Chabris, C.F., & Simons, D.J. (2010). The Invisible Gorilla, and Other Ways Our Intuitions Deceive Us. New York: Crown. Book website
My Google Scholar Profile
What individual factors predict success? We tested Chua and Rubenfeld's (2014) widely publicized "Triple Package" hypothesis that a tendency toward impulse control, personal insecurity, and a belief in the superiority of one's cultural or ethnic group combine to increase the odds that individuals will attain exceptional achievement. Consistent with previous research, we found in two sizable samples (combined N=1258) that parents' level of education and individuals' own cognitive ability robustly predicted a composite measure of success that included income, education, and awards. Other factors such as impulse control and emotional stability also appeared to be salutary. But despite measuring personal insecurity in four different ways and measuring success in three different ways, we did not find support for any plausible version of Chua and Rubenfeld's proposed synergistic trinity of success-engendering personality traits.
Chabris, C.F.,* Lee, J.J.,* Cesarini, D., Benjamin, D.J., & Laibson, D.I. (2015). The Fourth Law of Behavior Genetics.
Current Directions in Psychological Science, 24(4), 304-312. [*These authors contributed equally to the work.] Article online at SAGE (open-access)
Behavior genetics is the study of the relationship between genetic variation and psychological traits. Turkheimer (2000) proposed "Three Laws of Behavior Genetics" based on empirical regularities observed in studies of twins and other kinships. On the basis of molecular studies that have measured DNA variation directly, we propose a Fourth Law of Behavior Genetics: "A typical human behavioral trait is associated with very many genetic variants, each of which accounts for a very small percentage of the behavioral variability." This law explains several consistent patterns in the results of gene-discovery studies, including the failure of candidate-gene studies to robustly replicate, the need for genome-wide association studies (and why such studies have a much stronger replication record), and the crucial importance of extremely large samples in these endeavors. We review the evidence in favor of the Fourth Law and discuss its implications for the design and interpretation of gene-behavior research.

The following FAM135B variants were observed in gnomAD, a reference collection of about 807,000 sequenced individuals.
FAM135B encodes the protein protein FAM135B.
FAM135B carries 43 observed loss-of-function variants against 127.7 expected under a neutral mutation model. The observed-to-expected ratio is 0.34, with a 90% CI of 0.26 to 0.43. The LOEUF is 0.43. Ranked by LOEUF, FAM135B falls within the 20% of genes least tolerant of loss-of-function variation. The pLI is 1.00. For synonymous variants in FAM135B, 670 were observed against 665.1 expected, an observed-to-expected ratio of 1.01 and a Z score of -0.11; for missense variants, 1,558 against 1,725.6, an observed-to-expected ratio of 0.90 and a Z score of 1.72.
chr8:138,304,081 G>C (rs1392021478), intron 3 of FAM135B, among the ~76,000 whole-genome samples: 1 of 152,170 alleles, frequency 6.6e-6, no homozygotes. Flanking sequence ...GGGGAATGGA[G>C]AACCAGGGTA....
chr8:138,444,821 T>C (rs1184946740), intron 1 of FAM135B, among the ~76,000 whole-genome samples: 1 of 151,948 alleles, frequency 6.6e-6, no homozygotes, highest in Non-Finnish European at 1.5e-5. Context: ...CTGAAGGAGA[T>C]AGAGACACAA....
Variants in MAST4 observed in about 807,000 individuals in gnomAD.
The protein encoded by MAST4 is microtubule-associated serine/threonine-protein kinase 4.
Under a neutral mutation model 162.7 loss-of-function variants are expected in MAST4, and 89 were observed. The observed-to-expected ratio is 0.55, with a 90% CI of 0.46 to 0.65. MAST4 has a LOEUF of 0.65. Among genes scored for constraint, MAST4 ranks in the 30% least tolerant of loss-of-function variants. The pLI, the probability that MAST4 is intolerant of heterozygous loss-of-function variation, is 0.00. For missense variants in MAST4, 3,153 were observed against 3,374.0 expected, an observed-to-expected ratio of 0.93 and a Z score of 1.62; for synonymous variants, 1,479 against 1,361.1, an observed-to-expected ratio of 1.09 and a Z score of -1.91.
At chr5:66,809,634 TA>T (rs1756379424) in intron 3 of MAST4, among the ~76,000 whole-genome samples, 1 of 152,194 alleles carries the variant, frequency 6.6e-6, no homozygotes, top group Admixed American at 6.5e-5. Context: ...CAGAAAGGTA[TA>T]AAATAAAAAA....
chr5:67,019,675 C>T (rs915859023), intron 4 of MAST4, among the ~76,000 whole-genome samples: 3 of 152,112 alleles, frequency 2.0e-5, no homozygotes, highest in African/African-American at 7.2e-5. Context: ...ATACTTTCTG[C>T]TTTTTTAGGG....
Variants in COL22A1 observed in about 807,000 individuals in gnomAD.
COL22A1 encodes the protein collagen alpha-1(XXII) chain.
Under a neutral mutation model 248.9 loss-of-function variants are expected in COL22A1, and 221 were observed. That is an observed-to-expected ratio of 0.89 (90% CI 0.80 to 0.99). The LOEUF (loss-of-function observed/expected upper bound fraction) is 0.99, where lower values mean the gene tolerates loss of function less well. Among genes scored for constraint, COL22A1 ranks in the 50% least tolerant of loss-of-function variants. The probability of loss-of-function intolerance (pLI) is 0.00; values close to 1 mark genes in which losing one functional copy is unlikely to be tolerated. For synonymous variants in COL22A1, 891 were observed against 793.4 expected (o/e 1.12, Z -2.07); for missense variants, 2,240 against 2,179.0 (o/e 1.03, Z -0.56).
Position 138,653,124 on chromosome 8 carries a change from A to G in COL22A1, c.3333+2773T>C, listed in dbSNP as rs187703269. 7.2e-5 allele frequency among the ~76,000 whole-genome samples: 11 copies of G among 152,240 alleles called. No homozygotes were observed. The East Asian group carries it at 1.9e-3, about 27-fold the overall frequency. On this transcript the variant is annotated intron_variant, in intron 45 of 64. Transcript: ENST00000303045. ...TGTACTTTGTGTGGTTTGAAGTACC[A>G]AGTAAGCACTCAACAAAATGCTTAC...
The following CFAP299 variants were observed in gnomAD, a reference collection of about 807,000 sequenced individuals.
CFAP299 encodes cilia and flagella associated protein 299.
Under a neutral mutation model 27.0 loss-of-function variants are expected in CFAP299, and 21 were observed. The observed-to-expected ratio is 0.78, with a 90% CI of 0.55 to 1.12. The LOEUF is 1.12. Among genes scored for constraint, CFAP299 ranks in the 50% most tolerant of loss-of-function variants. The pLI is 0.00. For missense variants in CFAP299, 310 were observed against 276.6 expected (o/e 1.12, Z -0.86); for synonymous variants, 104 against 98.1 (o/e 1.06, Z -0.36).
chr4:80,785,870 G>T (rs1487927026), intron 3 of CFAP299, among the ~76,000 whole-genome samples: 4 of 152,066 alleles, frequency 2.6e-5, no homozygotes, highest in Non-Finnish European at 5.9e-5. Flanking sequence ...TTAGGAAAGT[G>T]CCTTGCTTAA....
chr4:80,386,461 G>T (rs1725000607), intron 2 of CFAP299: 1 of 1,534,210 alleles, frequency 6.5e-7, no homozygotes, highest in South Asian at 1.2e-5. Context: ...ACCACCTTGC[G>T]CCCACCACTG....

Chabris, C.F. (2013). The Goliath of nonfiction. [Review of the book
David and Goliath: Underdogs, misfits, and the art of battling giants by Malcolm Gladwell.]
Wall Street Journal, 28 September.
Article online at wsj.com | PDF file of review | Followup blog post
Chabris, C.F., Lee, J.J., Benjamin, D.J., Beauchamp, J.P., Glaeser, E.L., Borst, G., Pinker, S., & Laibson, D.I. (2013). Why it is hard to find genes associated with social science traits: Theoretical and empirical considerations. American Journal of Public Health, 103(S1), S152-S166. PDF file of article | PDF file of supplemental material
Objectives. We explain why traits of interest to behavioral scientists may have
a genetic architecture featuring hundreds or thousands of loci with tiny individual
effects rather than a few with large effects and why such an architecture
makes it difficult to find robust associations between traits and genes.
Methods. We conducted a genome-wide association study at 2 sites, Harvard
University and Union College, measuring more than 100 physical and behavioral
traits with a sample size typical of candidate gene studies. We evaluated
predictions that alleles with large effect sizes would be rare and most traits of
interest to social science are likely characterized by a lack of strong directional
selection. We also carried out a theoretical analysis of the genetic architecture of
traits based on R.A. Fisher’s geometric model of natural selection and empirical
analyses of the effects of selection bias and phenotype measurement stability on
the results of genetic association studies.
Results. Although we replicated several known genetic associations with
physical traits, we found only 2 associations with behavioral traits that met the
nominal genome-wide significance threshold, indicating that physical and
behavioral traits are mainly affected by numerous genes with small effects.
Conclusions. The challenge for social science genomics is the likelihood that
genes are connected to behavioral variation by lengthy, nonlinear, interactive
causal chains, and unraveling these chains requires allying with personal
genomics to take advantage of the potential for large sample sizes as well as
continuing with traditional epidemiological studies.
Chabris, C.F., Hebert, B.M., Benjamin, D.J., Beauchamp, J.P., Cesarini,
D., van der Loos, M.J.H.M., Johannesson, M., Magnusson, P.K.E.,
Lichtenstein, P., Atwood, C.S., Freese, J., Hauser, T.S., Hauser, R.M.,
Christakis, N.A., & Laibson, D. (2012). Most reported genetic
associations with general intelligence are probably false positives.
Psychological Science, 23(11), 1314-1323. PDF file of
article | PDF file of
General intelligence (g) and virtually all other behavioral traits are